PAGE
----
At the turn of the 20th century, Bangladeshi children were dying from diarrhoea in record numbers due to contaminated water from ponds and rivers – the country’s main sources of water.
To solve Bangladesh’s water poisoning problem, several World Health Organization (WHO) officers worked together with the Bangladeshi government to tap into an alternative water source – groundwater wells.
However, the officers didn’t realize back then that Bangladesh’s delta regions and mountains were rich with high levels of naturally-occurring arsenic – which seeped into the groundwater as deep wells were drilled into the ground.
Arsenic poisoning continues to render most of Bangladesh’s groundwater unfit for consumption up to this day.
"It was a huge problem. When we went into the villages, we could see the effect of arsenic poisoning - skin lesions, warts, and at least one person per two families has died from arsenic-related illnesses,"
said Desmond Kang, General Manager of Asxban Technologies, a Singaporean company that has been trying to tackle this problem since 2011.
“ETPL (A*STAR’s commercialisation arm) had an arsenic-absorbent powder ready for market development, and they convinced us of this opportunity to expand our current product offerings. That’s how Asxban was born,” Desmond explained.
Asxban licensed the arsenic-absorbent technology from ETPL, and worked closely with the team to make sure that the product was commercially-ready. The company went on to develop a range of ultra-filtration solutions, which could remove high levels of arsenic and fluoride from contaminated groundwater.
The water purification technique uses very little electricity, an important factor in remote areas with intermittent or limited power supply.
These filters have since been deployed in a remote Indian village in Bihar, India and may be rolled out to another 600 villages. At the same time, Asxban is also working on filtration projects with local partners in Bangladesh, Cambodia, Tanzania and Italy.
We have been a water dispenser company for around 20 years, providing point-of-use water purifiers for homes and offices. We would not have thought of entering this field if not for the discussion that we had with ETPL.
On the surface, a cure for leprosy may seem insignificant compared to having clean water. However, global elimination of leprosy has been a moving target for over a decade.
A chronic, contagious disease, leprosy can cause progressive and permanent damage to the skin, nerves, limbs and eyes. For instance, people with leprosy may not be able to close their eyes to sleep or lift objects with deformed fingers.
Although leprosy has been successfully eradicated in developed countries, poverty remains the greatest obstacle to eliminate the disease in other parts of the world.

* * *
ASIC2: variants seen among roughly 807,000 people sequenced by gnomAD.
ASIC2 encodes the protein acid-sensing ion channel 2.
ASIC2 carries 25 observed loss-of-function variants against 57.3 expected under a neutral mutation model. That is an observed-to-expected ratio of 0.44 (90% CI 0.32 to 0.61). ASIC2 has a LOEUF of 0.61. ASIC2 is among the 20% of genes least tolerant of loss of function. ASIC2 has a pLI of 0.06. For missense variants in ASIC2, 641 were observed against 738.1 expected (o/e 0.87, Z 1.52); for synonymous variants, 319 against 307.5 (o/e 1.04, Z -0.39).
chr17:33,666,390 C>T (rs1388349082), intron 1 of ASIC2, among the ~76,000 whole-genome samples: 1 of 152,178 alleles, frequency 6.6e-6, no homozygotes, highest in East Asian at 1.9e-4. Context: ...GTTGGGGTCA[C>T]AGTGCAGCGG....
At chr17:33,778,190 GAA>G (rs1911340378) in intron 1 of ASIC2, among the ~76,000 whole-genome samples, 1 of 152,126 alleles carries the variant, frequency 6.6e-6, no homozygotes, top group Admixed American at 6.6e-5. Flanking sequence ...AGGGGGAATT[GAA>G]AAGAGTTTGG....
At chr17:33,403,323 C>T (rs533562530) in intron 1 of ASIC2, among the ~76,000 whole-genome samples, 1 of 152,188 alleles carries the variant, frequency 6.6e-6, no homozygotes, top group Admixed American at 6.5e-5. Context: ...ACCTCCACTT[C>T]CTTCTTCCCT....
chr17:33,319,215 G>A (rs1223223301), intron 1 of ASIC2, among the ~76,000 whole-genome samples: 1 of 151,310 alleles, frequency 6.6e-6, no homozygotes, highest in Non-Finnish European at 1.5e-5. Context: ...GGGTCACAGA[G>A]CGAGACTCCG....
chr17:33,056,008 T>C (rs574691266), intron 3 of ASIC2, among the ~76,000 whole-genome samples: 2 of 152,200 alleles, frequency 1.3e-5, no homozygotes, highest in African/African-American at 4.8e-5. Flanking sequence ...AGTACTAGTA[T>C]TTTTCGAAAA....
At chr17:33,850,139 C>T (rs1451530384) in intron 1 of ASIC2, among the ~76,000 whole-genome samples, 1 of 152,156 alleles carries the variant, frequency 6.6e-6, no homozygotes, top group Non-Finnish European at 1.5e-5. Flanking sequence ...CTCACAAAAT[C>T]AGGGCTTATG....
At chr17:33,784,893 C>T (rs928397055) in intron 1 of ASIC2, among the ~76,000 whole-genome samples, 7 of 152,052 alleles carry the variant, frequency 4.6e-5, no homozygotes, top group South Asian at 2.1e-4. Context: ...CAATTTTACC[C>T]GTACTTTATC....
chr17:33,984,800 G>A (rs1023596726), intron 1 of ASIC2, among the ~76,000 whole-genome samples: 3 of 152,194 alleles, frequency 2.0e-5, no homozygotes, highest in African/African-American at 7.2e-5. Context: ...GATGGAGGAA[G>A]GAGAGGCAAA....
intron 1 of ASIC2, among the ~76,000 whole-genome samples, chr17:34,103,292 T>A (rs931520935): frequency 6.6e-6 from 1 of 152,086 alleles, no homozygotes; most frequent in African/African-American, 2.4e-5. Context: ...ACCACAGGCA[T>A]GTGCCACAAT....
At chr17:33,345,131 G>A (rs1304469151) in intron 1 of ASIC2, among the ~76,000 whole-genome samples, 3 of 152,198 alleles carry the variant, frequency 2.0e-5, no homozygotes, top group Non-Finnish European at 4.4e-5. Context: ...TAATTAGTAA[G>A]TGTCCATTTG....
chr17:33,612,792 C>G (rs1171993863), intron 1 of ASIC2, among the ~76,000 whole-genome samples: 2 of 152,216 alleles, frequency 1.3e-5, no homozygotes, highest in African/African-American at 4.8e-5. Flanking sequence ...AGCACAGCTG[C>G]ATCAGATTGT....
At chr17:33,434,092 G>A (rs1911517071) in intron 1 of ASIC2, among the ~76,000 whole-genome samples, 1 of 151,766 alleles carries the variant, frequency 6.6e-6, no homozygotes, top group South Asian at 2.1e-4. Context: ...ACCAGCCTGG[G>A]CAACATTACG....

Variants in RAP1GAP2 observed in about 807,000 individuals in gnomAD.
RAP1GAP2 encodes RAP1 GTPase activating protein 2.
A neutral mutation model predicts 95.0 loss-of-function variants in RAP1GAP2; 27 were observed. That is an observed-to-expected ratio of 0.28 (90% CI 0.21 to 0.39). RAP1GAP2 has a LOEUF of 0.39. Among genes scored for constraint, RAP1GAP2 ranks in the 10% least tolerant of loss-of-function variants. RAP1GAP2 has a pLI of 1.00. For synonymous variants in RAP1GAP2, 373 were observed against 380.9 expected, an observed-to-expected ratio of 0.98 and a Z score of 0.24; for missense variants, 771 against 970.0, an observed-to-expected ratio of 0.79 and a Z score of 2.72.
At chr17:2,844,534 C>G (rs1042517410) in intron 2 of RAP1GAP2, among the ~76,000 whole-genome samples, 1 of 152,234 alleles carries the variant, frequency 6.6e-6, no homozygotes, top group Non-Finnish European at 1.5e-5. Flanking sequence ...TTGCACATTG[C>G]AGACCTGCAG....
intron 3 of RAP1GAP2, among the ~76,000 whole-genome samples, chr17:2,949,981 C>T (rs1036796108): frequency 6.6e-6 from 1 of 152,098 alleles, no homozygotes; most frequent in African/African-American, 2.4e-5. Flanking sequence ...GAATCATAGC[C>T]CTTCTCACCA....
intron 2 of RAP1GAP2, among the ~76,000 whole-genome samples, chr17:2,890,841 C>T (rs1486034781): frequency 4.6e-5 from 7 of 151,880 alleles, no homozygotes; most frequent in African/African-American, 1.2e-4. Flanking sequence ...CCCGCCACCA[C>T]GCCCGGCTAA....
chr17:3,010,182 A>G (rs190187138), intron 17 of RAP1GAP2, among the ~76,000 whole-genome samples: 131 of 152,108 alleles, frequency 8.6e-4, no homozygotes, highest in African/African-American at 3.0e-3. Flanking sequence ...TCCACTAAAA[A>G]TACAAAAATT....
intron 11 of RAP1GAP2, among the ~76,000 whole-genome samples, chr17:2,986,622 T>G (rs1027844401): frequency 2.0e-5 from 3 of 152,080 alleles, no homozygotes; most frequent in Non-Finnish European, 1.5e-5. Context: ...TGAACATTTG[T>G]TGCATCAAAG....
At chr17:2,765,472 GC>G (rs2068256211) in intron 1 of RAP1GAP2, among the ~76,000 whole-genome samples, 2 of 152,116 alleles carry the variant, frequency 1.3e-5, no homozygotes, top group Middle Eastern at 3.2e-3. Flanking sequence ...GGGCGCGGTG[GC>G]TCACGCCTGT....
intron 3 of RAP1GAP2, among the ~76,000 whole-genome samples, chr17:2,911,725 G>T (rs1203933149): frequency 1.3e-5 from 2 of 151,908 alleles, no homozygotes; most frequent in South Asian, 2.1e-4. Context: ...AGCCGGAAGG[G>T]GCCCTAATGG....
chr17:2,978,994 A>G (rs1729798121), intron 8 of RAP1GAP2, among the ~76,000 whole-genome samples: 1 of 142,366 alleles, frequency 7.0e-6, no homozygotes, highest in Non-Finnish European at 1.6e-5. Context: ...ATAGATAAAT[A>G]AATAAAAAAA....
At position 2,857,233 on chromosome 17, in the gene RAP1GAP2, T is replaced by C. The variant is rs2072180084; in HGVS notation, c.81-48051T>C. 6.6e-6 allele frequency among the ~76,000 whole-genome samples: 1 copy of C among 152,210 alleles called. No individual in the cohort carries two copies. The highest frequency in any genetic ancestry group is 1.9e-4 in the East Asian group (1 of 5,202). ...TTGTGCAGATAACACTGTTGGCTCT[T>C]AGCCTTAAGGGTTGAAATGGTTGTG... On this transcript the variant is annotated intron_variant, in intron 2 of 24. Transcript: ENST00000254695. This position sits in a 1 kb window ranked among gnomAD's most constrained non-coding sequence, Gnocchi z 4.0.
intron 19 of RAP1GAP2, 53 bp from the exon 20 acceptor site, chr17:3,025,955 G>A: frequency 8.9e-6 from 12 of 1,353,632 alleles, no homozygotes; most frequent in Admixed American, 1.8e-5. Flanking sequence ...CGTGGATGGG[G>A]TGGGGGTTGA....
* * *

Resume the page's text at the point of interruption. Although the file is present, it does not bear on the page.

"70% of these cases are in Asia, especially in rural parts of India, Indonesia and other developing countries with large impoverished populations," said Dr. Astrid Irwanto, an innovation fellow at the Genome Institute of Singapore (GIS), one of A*STAR’s research institutes.
According to Dr. Irwanto, it’s difficult to eliminate leprosy partly because “if 1% of the villagers reacts badly to dapsone, one of the components of the global anti-leprosy drug, the local health authorities will stop treatment for the entire village. However, not everyone will get adverse drug reaction. In fact, this may prevent effective treatment and reduction of leprosy in the community.”
Leprosy’s contagious nature and slow incubation period make complete eradication even more challenging.
“Leprosy exists as a health disease in limbo. Too large to be considered eliminated and with too few cases to get the final resources needed for true elimination” Source: WHO
To solve this problem, Dr. Irwanto and her colleagues developed a kit that is faster and more affordable than existing commercial solutions. The kit can identify a single genetic biomarker for dapsone hypersensitivity, to determine if a patient is prone to adverse reactions to leprosy medication.
She has since founded Nalagenetics to pilot her kits in Papua, Indonesia, with full backing of the health authorities there.
“ETPL helped to facilitate the smooth licensing of this assay developed at GIS. This helped us to develop and deliver a test at a more affordable cost which definitely benefitted the patients,” she said.
These genetic testing kits are also now developed to test drug adversity for diseases that are more prevalent in Singapore, such as cancer, heart and blood diseases.
Innovation always brings about new possibilities – but it is only through proven usage in real-world scenarios that they make meaningful differences in peoples’ lives.
By translating research prototypes from lab to life, companies like Asxban and Nalagenetics can now develop solutions that make a real impact for communities and the world.